The amazing story of two 40-something women on the path to matrimonial bliss

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Saturday, December 29, 2012

Lessons Learned from First Year of Urban Farming

Now, we've gardened before, but this past year was our first very intentional foray into the sometimes pretentious world of the urban farm.  We started calling ourselves urban farmers for fun and referring to our "farm chores" but, in all actuality, we have jumped in with both work boots, a pitchfork and a few chickens! Along the way, we've learned a few things to keep in mind as we plan for our 2013 adventures...

We learned that chickens are about as trainable as cats or kids.  They tend to come with their own ideas about how they'd like to spend their days, what they want to eat and where they'd like to lay an egg (or not.) When our first-to-lay hen, Virginia, took up laying her tiny pullet eggs in the cat box, we were admonished by the wonderful guy who runs the fancy farm store. After feeling guilty and shamed, we tried to retrain her to no avail.  A couple weeks later when the second hen, Hilda, started laying in the nest box from the very first egg, Ginny moved her operation into the nest box too.  Like kids, they figured it out themselves and we might have saved ourselves a bit of shamed fussing.

Despite what all the sassy books say, this gardening/farming stuff can be expensive!  That has been another lesson learned.  With the search for organic, non GMO seeds and starts, to the purchasing of chicken coop and supplies, chicken wire, tools and organic slug bait, our garden budget line item was a little high. Could we have done it cheaper? a perfect world...but not everyone is tool savvy and talented in upcycling, recycling and uncycling (or unicycling, for that matter.)  We could have spent a few dollars less for each of our chicks, but we opted for the heirloom, sexed, happily-hatched-local varieties and we haven't regretted that.  It's sort of like growing the heirloom vegetables, why raise and grow the exact same thing we could get at the store?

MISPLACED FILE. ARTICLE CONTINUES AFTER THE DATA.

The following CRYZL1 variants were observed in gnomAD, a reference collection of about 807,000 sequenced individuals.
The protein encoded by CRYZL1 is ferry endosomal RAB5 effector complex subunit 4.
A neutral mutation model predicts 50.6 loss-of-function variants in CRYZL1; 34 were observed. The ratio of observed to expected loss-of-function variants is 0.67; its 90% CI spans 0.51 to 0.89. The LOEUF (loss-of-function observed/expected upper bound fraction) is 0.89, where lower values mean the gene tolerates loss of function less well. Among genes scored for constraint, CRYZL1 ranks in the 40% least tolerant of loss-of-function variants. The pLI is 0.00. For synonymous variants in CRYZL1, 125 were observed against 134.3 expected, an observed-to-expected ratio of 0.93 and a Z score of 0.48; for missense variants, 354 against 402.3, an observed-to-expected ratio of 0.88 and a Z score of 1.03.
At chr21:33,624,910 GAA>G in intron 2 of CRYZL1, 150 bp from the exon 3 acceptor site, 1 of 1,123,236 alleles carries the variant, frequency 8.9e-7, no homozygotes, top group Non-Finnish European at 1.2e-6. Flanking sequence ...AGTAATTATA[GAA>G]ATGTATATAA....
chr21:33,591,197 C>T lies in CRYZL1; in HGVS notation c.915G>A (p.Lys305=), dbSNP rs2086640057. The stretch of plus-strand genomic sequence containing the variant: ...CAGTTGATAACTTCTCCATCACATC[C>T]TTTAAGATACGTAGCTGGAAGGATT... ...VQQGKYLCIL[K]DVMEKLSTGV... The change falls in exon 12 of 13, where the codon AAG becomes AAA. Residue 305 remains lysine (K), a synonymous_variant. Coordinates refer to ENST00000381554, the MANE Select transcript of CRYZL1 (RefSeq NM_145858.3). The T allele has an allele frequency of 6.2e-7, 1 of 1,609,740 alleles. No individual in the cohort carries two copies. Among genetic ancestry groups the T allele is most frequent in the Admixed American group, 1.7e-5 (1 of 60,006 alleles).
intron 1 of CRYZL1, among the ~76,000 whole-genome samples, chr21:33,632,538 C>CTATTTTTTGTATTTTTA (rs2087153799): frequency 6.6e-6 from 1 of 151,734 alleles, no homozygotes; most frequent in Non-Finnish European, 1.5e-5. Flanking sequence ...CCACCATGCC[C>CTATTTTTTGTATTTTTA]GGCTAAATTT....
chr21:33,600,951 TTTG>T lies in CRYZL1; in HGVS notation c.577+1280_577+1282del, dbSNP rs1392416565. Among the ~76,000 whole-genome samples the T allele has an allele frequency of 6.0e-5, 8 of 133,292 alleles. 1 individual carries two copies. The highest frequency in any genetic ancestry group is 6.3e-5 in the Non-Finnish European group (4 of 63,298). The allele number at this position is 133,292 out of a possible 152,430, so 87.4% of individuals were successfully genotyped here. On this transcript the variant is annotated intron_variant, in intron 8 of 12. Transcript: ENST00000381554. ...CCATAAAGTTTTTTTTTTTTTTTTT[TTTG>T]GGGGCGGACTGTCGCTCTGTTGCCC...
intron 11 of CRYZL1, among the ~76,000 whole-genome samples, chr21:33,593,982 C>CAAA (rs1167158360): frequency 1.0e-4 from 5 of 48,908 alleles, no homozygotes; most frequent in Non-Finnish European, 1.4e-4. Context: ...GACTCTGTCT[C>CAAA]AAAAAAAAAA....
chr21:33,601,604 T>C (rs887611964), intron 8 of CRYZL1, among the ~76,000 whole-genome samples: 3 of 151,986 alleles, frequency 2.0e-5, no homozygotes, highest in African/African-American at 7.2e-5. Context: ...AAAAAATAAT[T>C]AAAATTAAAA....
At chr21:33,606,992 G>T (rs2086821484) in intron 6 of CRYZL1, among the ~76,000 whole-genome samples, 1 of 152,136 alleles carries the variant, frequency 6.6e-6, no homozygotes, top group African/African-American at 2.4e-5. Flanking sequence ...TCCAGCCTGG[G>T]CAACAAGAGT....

Thirdly, we could have canned and preserved more than we did.  At the time--in the heat of late Summer--it felt like we put up jars and jars and jars and we would never eat/share/use all those gorgeous glass goblets of tomatoes, salsa, sauce, jams and preserves. We now know that, despite the fact that we grew 22 tomato plants, we could have canned three times as many jars of tomatoes and sauce to meet the reality of how much we use through the fall and winter.  Honestly, we ate the last of our garden grown fresh tomatoes right around Thanksgiving, so we had more than 5 solid months of fresh tomatoes of every size and color AND canned dozens of jars, but we could have done more. We are also already out of pear jam and are hoarding our precious jars of fig preserves--even though we canned a good dozen jars.  Sure, we've given a few as gifts and our adult kids have snagged a few jars from the larder as needed (Who knew they'd find the regular jar of applesauce or marinara sauce to be so enticing?), but we surprised ourselves by how much we use on a regular basis so this next year, we need to do even more!

Additionally, we need a food dehydrator!  We thought about getting one this year, but were a bit intimidated by acquiring more gear that we didn't know how to use.  Now we know we could have dried apples, figs and persimmons from our trees (not to mention some cherries) and would have used them in all sorts of things.  Alas, next year...

Other things to grow more of this year: lavender, cilantro, kohlrabi and we seem to never grow enough carrots or onions.  There were a few things we didn't eat as much of as we thought we would--namely lettuce--we tended to lean more toward spinach, kale and chard for salads than lettuce. Plus the slugs and snails thought the lettuce was a banquet!

We have new projects on the horizon for this year: hopefully bees, building our rain collection barrel system, adding a couple new chickens to our flock, and experimenting with some new ways to grow potatoes. We'd also love to find a place/person to get the fresh goat milk from while we contemplate what our lives might be like with a couple dwarf dairy goats hopping around our back yard.  We'll see, but if nothing else, there ought to be a few more lessons in store for us for 2013!


  1. Have some of great grandpa's heirloom tomato seeds and some squash and pumpkin seeds as well..all organic as I use nothing else. Will ask Georgie how he grows his carrots, parsnips and potatoes. Think he does them in burlap bags, layer upon layer. Anne is here now, so I can get back to you within a few days.

  2. We are going to try growing them in a wire round--making a circular round of wire, packing the edges with straw and filling in with compost/dirt. The potatoes get tucked around the outside edge so that the greens/tops grow outward and the potatoes grow inward. Probably similar to George's burlap bag strategy!